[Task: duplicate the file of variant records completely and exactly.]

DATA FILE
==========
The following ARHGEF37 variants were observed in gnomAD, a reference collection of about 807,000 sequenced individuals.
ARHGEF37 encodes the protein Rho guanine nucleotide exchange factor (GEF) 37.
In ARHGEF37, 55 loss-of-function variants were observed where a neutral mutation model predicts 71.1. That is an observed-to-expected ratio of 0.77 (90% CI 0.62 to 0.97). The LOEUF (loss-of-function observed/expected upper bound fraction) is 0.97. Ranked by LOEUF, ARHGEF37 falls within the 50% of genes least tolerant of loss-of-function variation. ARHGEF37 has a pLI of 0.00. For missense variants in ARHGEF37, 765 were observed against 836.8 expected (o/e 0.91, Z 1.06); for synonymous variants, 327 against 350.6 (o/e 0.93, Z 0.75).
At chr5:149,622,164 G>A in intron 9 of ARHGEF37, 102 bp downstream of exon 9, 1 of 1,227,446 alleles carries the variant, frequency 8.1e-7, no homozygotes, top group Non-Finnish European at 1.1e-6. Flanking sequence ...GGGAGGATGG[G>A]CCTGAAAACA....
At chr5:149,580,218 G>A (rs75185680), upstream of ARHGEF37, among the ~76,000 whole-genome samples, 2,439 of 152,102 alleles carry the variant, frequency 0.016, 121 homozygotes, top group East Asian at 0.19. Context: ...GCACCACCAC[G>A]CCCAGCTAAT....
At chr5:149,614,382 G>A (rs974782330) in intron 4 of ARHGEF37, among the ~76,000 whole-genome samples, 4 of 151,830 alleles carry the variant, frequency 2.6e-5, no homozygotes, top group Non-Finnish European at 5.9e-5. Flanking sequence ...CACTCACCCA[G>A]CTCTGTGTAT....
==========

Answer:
The following ARHGEF37 variants were observed in gnomAD, a reference collection of about 807,000 sequenced individuals.
ARHGEF37 encodes the protein Rho guanine nucleotide exchange factor (GEF) 37.
In ARHGEF37, 55 loss-of-function variants were observed where a neutral mutation model predicts 71.1. That is an observed-to-expected ratio of 0.77 (90% CI 0.62 to 0.97). The LOEUF (loss-of-function observed/expected upper bound fraction) is 0.97. Ranked by LOEUF, ARHGEF37 falls within the 50% of genes least tolerant of loss-of-function variation. ARHGEF37 has a pLI of 0.00. For missense variants in ARHGEF37, 765 were observed against 836.8 expected (o/e 0.91, Z 1.06); for synonymous variants, 327 against 350.6 (o/e 0.93, Z 0.75).
At chr5:149,622,164 G>A in intron 9 of ARHGEF37, 102 bp downstream of exon 9, 1 of 1,227,446 alleles carries the variant, frequency 8.1e-7, no homozygotes, top group Non-Finnish European at 1.1e-6. Flanking sequence ...GGGAGGATGG[G>A]CCTGAAAACA....
At chr5:149,580,218 G>A (rs75185680), upstream of ARHGEF37, among the ~76,000 whole-genome samples, 2,439 of 152,102 alleles carry the variant, frequency 0.016, 121 homozygotes, top group East Asian at 0.19. Context: ...GCACCACCAC[G>A]CCCAGCTAAT....
At chr5:149,614,382 G>A (rs974782330) in intron 4 of ARHGEF37, among the ~76,000 whole-genome samples, 4 of 151,830 alleles carry the variant, frequency 2.6e-5, no homozygotes, top group Non-Finnish European at 5.9e-5. Flanking sequence ...CACTCACCCA[G>A]CTCTGTGTAT....